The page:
Today's guest post is from attorney Steven Beer.  We look forward to many more posts from Steven on this very subject: Filmmaker Empowerment. Producing independent films requires a broad skill set, including a keen eye for material, masterful team management skills, a facility with numbers, and an understanding of the marketplace. There is only one thing more difficult than producing and making a great independent film: securing a modest return on one’s investment in an independent film.

Why do so many prospective investors (beyond friends and family) roll their eyes when they are asked to invest in independent films? One business manager swears that, generally speaking, independent filmmakers and producers are not capable business people. He believes that they are so focused on making the film that they tend to overlook many key business elements. In support of this assertion, he cited the cursory nature of most business plans, the modest returns typically offered for a risky investment, and the failure to fully establish reliable marketing and distribution plans.

The business manager raised some very good points. The reality is that many producers need to re-think the standard business models for independent films. Let’s begin with the typical business plan, which often contains rehashed discussions about the marketplace and includes outdated success stories like “Slingblade,” “Blair Witch Project,” “Little Miss Sunshine,” and “My Big fat Greek Wedding.” All of these projects were produced many years ago and distributed in a vastly different marketplace. These were all exceptional projects and not necessarily representative of the independent film marketplace, past or present.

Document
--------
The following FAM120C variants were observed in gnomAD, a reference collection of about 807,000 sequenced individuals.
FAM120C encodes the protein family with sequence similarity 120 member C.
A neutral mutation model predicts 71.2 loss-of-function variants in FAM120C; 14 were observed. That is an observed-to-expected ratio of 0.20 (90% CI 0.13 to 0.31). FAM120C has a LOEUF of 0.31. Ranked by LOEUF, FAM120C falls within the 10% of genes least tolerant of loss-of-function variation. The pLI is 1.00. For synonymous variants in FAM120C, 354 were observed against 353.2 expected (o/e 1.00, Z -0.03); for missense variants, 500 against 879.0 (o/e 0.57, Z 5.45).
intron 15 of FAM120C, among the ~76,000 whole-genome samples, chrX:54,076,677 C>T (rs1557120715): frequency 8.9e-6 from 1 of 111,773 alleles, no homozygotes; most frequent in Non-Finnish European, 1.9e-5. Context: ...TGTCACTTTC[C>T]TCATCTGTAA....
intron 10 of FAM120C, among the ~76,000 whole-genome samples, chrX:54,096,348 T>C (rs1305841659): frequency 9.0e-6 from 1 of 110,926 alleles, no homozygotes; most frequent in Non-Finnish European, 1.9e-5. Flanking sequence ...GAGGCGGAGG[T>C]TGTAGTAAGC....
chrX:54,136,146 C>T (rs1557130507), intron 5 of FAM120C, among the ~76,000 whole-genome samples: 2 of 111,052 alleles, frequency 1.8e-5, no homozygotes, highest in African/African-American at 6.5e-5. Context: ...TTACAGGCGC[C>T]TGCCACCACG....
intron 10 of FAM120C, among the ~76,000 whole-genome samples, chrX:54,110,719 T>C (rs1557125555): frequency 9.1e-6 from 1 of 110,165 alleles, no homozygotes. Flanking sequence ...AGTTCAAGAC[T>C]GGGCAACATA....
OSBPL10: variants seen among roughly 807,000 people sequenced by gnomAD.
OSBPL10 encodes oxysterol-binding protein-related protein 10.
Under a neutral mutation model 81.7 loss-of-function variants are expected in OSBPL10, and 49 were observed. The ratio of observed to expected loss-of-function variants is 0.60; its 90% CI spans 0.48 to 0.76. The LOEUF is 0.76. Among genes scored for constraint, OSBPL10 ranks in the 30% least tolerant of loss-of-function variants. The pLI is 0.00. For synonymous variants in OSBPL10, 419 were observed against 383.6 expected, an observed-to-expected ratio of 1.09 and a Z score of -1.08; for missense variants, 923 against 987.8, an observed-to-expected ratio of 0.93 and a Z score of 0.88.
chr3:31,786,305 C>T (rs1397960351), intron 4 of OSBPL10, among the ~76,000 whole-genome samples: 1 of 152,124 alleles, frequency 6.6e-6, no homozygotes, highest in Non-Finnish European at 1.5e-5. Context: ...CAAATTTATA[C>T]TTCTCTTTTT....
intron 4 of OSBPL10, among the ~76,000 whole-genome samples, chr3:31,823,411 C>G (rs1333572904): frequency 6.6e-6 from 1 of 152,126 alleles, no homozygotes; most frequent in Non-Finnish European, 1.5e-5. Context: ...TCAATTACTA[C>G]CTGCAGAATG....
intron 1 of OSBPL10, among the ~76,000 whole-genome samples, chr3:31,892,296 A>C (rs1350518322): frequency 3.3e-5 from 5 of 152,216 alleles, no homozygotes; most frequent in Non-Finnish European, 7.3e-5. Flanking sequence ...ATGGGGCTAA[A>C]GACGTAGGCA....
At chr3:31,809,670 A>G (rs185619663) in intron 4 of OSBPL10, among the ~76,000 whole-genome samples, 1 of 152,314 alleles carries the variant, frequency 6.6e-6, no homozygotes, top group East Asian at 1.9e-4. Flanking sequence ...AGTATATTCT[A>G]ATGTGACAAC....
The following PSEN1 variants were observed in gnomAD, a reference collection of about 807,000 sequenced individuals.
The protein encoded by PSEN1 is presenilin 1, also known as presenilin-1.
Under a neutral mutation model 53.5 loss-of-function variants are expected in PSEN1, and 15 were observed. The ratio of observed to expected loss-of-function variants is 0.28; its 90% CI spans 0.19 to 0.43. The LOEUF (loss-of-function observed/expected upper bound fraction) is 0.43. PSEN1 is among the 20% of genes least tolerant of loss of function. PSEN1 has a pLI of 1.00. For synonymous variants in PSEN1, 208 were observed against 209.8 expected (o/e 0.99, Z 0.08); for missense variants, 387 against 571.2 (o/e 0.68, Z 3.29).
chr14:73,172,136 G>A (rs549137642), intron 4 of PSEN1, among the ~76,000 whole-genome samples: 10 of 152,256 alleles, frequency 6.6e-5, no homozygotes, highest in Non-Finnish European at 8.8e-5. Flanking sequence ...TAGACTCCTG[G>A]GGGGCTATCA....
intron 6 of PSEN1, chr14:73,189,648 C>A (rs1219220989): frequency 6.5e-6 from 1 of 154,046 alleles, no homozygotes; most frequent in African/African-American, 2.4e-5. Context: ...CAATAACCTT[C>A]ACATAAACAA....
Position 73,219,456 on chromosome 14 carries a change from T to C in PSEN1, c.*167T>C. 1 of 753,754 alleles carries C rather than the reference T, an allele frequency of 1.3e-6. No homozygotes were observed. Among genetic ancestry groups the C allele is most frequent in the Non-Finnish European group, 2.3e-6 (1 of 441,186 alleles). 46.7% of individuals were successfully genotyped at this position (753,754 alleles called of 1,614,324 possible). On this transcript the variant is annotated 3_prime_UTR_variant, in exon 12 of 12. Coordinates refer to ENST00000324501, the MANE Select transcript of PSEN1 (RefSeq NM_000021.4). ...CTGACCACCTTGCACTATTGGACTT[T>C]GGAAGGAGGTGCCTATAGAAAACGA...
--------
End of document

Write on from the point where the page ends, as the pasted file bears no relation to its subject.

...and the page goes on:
An additional question: why do most business proposals today concentrate on the prospect of an “all rights” deal with a hefty minimum guarantee and substantial P&A commitment? By and large, that ship left port several years ago and should be sold as scrap metal for smaller, more efficient vessels that are customizable and scaleable.